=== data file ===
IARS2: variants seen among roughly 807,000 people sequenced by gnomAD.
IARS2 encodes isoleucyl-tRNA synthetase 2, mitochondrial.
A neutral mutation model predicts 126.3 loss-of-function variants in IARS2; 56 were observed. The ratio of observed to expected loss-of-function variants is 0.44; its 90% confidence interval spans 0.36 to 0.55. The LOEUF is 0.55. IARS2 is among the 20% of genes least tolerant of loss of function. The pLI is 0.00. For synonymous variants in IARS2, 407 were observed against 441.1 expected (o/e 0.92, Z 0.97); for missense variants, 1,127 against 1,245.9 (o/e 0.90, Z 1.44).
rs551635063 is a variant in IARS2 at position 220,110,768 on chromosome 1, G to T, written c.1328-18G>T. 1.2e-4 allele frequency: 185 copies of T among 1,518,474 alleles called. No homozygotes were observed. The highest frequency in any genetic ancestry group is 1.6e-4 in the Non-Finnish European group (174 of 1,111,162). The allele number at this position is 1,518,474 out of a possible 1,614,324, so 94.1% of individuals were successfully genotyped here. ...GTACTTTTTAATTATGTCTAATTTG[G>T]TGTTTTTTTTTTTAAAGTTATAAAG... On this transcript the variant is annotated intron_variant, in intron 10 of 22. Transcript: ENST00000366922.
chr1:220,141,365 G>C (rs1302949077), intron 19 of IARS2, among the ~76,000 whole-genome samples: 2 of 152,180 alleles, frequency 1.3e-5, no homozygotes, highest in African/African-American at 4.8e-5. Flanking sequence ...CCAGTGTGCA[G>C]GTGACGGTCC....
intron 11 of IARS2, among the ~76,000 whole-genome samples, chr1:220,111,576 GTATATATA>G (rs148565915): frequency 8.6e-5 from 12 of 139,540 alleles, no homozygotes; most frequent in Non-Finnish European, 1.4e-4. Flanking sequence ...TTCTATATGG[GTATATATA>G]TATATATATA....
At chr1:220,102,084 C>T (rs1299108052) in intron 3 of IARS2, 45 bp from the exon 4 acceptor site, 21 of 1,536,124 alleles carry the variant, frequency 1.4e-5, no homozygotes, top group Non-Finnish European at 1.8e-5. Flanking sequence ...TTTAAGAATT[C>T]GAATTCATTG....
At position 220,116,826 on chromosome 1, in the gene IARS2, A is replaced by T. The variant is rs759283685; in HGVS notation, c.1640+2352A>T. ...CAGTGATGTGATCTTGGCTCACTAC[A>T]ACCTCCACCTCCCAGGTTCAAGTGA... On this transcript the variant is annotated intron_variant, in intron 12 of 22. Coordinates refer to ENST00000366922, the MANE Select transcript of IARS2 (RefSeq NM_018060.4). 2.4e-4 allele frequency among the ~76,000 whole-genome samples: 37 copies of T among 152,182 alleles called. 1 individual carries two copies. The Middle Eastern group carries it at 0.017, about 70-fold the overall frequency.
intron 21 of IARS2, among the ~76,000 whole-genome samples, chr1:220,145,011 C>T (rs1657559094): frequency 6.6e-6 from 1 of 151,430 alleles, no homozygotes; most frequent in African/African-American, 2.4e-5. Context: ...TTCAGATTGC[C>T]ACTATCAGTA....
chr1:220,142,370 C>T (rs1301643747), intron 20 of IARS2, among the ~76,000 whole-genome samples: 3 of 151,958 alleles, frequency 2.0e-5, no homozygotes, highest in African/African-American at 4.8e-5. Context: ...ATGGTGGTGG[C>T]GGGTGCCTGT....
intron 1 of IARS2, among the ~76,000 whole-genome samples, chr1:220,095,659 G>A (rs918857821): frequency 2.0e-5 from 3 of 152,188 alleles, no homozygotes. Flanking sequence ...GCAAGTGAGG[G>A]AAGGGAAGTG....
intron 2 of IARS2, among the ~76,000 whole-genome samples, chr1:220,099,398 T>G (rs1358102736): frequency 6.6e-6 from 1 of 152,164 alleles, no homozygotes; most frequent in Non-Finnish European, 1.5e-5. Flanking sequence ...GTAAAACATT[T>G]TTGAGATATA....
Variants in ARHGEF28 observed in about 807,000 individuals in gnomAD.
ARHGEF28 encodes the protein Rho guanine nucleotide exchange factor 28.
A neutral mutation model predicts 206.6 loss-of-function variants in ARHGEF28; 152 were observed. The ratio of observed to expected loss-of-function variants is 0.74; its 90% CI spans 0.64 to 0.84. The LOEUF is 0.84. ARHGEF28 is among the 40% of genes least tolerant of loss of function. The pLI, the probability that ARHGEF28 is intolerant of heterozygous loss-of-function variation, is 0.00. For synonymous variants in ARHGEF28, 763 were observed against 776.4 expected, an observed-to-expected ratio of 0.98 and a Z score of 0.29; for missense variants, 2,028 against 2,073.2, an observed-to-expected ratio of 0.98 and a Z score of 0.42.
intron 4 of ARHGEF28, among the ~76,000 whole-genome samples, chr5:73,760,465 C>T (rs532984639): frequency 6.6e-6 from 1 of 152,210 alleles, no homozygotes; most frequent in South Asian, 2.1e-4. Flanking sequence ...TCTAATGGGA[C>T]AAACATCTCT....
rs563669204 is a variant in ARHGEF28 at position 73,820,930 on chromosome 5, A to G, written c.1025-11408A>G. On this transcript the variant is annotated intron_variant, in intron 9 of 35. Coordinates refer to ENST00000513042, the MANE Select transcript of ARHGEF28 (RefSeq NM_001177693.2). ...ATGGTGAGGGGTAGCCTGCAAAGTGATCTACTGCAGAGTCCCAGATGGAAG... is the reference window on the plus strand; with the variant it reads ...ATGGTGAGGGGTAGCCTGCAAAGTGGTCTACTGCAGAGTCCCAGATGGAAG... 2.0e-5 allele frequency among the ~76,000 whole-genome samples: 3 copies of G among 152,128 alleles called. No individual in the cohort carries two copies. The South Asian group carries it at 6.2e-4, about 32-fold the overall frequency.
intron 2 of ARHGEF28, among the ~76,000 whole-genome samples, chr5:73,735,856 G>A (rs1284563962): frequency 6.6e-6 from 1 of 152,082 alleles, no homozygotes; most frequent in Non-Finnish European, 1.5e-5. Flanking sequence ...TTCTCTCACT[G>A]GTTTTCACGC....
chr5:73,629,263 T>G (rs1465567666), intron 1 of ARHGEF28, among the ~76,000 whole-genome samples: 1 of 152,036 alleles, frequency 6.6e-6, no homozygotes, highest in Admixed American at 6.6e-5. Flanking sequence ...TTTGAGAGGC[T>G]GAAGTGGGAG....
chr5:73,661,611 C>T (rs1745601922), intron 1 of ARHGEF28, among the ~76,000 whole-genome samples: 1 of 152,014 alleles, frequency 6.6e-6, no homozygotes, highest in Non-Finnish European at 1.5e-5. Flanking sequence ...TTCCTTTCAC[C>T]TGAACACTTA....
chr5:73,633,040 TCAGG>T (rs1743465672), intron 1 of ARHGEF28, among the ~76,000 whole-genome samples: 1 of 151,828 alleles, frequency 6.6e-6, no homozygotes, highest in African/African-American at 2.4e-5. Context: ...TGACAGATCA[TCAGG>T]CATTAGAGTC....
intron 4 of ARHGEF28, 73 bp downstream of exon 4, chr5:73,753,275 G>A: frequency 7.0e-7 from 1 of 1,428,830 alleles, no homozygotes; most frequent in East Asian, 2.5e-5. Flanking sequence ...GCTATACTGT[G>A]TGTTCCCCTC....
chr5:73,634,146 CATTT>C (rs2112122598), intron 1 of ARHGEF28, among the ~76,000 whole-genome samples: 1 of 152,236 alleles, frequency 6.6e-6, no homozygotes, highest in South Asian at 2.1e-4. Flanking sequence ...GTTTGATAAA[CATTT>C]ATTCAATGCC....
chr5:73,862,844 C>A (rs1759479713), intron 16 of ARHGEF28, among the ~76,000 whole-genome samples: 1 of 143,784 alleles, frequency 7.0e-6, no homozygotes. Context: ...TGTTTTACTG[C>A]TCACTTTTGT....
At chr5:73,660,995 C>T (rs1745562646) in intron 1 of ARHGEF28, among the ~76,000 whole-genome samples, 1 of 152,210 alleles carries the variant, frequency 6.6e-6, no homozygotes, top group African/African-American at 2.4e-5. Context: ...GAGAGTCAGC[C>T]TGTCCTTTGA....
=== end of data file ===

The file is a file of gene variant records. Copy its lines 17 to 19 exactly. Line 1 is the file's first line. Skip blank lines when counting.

rs563669204 is a variant in ARHGEF28 at position 73,820,930 on chromosome 5, A to G, written c.1025-11408A>G. On this transcript the variant is annotated intron_variant, in intron 9 of 35. Coordinates refer to ENST00000513042, the MANE Select transcript of ARHGEF28 (RefSeq NM_001177693.2). ...ATGGTGAGGGGTAGCCTGCAAAGTGATCTACTGCAGAGTCCCAGATGGAAG... is the reference window on the plus strand; with the variant it reads ...ATGGTGAGGGGTAGCCTGCAAAGTGGTCTACTGCAGAGTCCCAGATGGAAG... 2.0e-5 allele frequency among the ~76,000 whole-genome samples: 3 copies of G among 152,128 alleles called. No individual in the cohort carries two copies. The South Asian group carries it at 6.2e-4, about 32-fold the overall frequency.
intron 2 of ARHGEF28, among the ~76,000 whole-genome samples, chr5:73,735,856 G>A (rs1284563962): frequency 6.6e-6 from 1 of 152,082 alleles, no homozygotes; most frequent in Non-Finnish European, 1.5e-5. Flanking sequence ...TTCTCTCACT[G>A]GTTTTCACGC....
chr5:73,629,263 T>G (rs1465567666), intron 1 of ARHGEF28, among the ~76,000 whole-genome samples: 1 of 152,036 alleles, frequency 6.6e-6, no homozygotes, highest in Admixed American at 6.6e-5. Flanking sequence ...TTTGAGAGGC[T>G]GAAGTGGGAG....